None of Charleston’s historic buildings exist in a vacuum, and the long-vacant art deco storefront at 609 King St. is a good example; it ultimately might owe its very survival to that fact.
The building, owned by Evening Post Industries, which also owns this newspaper, is in the footprint of the planned second phase of Courier Square, a major redevelopment around King and Meeting streets. Its development team recently asked the city’s Board of Architectural Review for permission to tear down the small building.
But the request ultimately got sidelined because of historical research done on a property just to the south. The developers of Hoffler Place apartments hired historical consultant Brittany Lavelle Tulla to examine the history of their property on King just north of Spring. It had been vacant for decades, but it once held the Lincoln Theatre, which existed from 1919 to the 1970s and was the city’s longest-running theater for African Americans. Hurricane Hugo’s damage in 1989 led to its being torn down.
The Hoffler site also was part of what some called “Little Jerusalem,” a thriving business district north of Calhoun with many Jewish-owned stores in an immigrant neighborhood. Those living and working here included African American families, immigrant Jewish families, Greek merchants, Chinese immigrants and others.
Tulla’s research led to a new historical marker recognizing both the Lincoln Theatre and Little Jerusalem that will be dedicated this week. Her work there, along with other research on a nearby property, led the State Historic Preservation Office to suggest that this part of the city could be eligible to become a new National Register Historic District.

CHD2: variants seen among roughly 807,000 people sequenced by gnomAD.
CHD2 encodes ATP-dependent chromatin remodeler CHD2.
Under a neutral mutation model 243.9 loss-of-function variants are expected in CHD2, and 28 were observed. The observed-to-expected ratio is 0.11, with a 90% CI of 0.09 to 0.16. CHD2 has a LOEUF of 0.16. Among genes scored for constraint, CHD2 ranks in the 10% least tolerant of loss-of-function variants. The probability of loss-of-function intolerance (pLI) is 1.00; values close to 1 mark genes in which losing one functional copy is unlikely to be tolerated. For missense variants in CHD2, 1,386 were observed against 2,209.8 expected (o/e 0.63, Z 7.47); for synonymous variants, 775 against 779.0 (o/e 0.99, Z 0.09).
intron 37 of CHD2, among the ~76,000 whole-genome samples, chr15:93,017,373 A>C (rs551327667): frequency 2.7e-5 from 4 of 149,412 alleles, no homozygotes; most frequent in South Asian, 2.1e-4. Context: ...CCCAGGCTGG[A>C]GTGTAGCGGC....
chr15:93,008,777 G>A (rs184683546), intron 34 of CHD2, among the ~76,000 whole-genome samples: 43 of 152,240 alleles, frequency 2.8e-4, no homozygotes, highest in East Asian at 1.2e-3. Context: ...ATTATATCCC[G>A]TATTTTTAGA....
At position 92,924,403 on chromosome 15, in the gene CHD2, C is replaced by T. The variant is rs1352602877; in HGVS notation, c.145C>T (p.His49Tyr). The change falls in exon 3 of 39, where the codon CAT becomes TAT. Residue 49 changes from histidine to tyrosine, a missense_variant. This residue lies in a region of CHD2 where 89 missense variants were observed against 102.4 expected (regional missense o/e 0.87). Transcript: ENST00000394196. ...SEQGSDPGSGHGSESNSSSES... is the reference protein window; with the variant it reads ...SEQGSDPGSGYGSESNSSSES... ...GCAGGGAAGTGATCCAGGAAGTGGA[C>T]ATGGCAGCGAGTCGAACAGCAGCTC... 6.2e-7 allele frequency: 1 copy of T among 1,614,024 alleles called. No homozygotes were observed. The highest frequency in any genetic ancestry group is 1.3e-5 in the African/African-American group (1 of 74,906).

Local preservation groups cited the State Historic Preservation Office’s findings when urging the BAR to reject, or at least defer, the demolition request for 609 King. Built around 1937 to house a butcher shop and other businesses, the modest single-story building would contribute to such a historic district. That was news to those seeking its demolition, so they wisely asked their request be set aside, at least for now.
That was a positive step. “There really is a resurgent interest by the city in the role that small local businesses play in the streetscape, in its history and also in the vibrancy of Charleston street life,” Preservation Society of Charleston advocacy director Brian Turner said. “This building is representative of that.”
Still, it might seem odd to try to save such a modest building that would be surrounded by a much larger, new complex. Wouldn’t that look funny, even wrong?
Actually, the answer is no. And yet another neighboring building a few blocks north helps shed light on that. The new apartments at 511 Meeting St. faced a similar design challenge: Its property contained a modest, 2-story historic building far smaller than the new one planned there. But its architectural team responded successfully by wrapping the complex around the older building in a respectful, non-smothering way. The city approved a similar approach for the old Regis Milk site across the street, but it remains in an early stage.
It’s unclear when Upper King Street might become a new National Register Historic District (the city’s existing National Register district runs up King only about as far north as Vanderhorst and John streets). It would take a lot of work. But Tulla notes 609 King is the last remaining storefront, “the lone survivor” in its block, that speaks to the street’s “Little Jerusalem” era.
The Historic Charleston Foundation opposed the demolition of 609 King, calling it “one of the last remaining art deco buildings in Charleston” and noting the example at 511 Meeting.
Some might look at the building and not see much. While its geometrical detailing recalls the art deco era, it’s certainly nothing high style. But at a time when the city is growing ever more concerned about the larger scale and height of its new construction, we’re appreciating these smaller buildings even more.